Uprooting and removal surrounds us, and at times these can be mirrored in our working process. At times I just let go and am assimilated into my landscapes, other times I feel an active resistance. I think there’s something about growing up in America that makes you feel nothing is ever really stationary. Home can be motion at times*.

*Excerpt from Amanda Sharp in conversation with Doug Aitken.

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Doug Aitken

Daniel Birnbaum : Amanda Sharp : Jörg Heiser

Phaidon

2005

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Doug Aitken

Doug Aitken on UbuWeb

Phaidon

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Freedom | Šarūnas Bartas

Posted in Film by B on May 16, 2010







This minimalist opus of the Lithuanian cinematic master Šarūnas Bartas, invites the viewer on the austere journey of three characters stranded in the Moroccan desert. Opening with the sun and magnitude of North Africa, three smugglers, are forced to run aground on a desolate, windswept shore after narrowly escaping an interception by police. Marooned and unable to speak the same language they struggle against an arid landscape and each other. Bartas chooses to render the spoken word virtually redundant deeming it unnecessary to communicate pain, lonliness or desire. He chooses instead to capture an emotion by focussing on a facial gesture, the jilted march of a colony of crustaceans or drifting sands over a barren topography. This originality of style, significance of theme and the sheer beauty of filmic image transcends traditional dramaturgy and heralds the establishment of Bartas as one of the great cinematic poets.

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Freedom

Šarūnas Bartas

2000

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Freedom

Šarūnas Bartas

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Kárhozat (Damnation) | Béla Tarr

Posted in Art, Film by B on May 9, 2010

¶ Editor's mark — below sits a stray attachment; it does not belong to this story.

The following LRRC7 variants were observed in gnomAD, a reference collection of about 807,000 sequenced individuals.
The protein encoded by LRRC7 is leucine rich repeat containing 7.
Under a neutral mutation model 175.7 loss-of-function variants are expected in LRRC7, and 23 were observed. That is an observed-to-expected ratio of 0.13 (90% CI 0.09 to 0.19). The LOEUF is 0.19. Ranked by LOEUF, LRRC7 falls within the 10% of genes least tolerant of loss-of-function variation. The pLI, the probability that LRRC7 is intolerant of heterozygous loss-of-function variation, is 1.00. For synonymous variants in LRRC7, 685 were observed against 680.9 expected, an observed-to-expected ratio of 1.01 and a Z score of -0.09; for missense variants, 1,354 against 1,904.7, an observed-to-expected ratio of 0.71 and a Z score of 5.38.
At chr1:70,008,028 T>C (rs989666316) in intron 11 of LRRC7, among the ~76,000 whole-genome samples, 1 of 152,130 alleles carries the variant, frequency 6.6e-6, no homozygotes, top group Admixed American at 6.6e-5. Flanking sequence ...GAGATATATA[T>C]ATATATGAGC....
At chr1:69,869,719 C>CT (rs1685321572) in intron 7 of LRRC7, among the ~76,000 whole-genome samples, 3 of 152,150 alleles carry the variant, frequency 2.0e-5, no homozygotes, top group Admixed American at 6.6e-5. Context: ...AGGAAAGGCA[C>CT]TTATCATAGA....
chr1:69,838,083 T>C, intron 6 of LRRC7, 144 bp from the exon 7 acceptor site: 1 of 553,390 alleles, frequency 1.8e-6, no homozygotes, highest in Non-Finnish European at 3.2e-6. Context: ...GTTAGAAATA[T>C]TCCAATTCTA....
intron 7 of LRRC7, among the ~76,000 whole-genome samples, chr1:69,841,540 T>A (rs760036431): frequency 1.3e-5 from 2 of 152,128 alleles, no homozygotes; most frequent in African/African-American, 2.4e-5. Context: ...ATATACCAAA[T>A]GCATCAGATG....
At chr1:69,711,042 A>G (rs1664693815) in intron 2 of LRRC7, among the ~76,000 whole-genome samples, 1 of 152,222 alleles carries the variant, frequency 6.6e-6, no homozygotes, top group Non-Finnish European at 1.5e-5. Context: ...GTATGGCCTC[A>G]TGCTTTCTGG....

The occasional, labored sound of inertia and friction emitted by the motion of mining cable cars disrupts the unnerving silence of Karrer’s (Miklós Székely B.) austere and sparsely furnished apartment as lethargic conveyances endlessly traverse along an overcast, desolate landscape, veiled in fog. This opening sequence of Kárhozat permeates the very essence of the film. The first collaborative project between Hungarian novelist László Krashnahorkai and filmmaker Béla Tarr (along with Tarr’s editor and wife, Agnes Hranitzky), Damnation is a bleak and nihilistic portrait of isolation, emotional betrayal, and ennui. Using a near static camera, slow pans, languid character motion, pervasive inclement weather, bleak industrial landscape, and a melancholic soundtrack by composer Mihaly Vig, Tarr reflects the desolation and spiritual lethargy of the directionless and morally bankrupt protagonists. Beautifully filmed and with haunting performances, this film cemented Tarr’s status as one of cinema’s most intriguing and powerful directors.

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Kárhozat (Damnation)

Béla Tarr : László Krashnahorkai : Agnes Hranitzky

1987

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Kárhozat (Damnation)

Béla Tarr

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All in the Present Must Be Transformed | Matthew Barney & Joseph Beuys

Posted in Art, Film, Object by A on February 19, 2010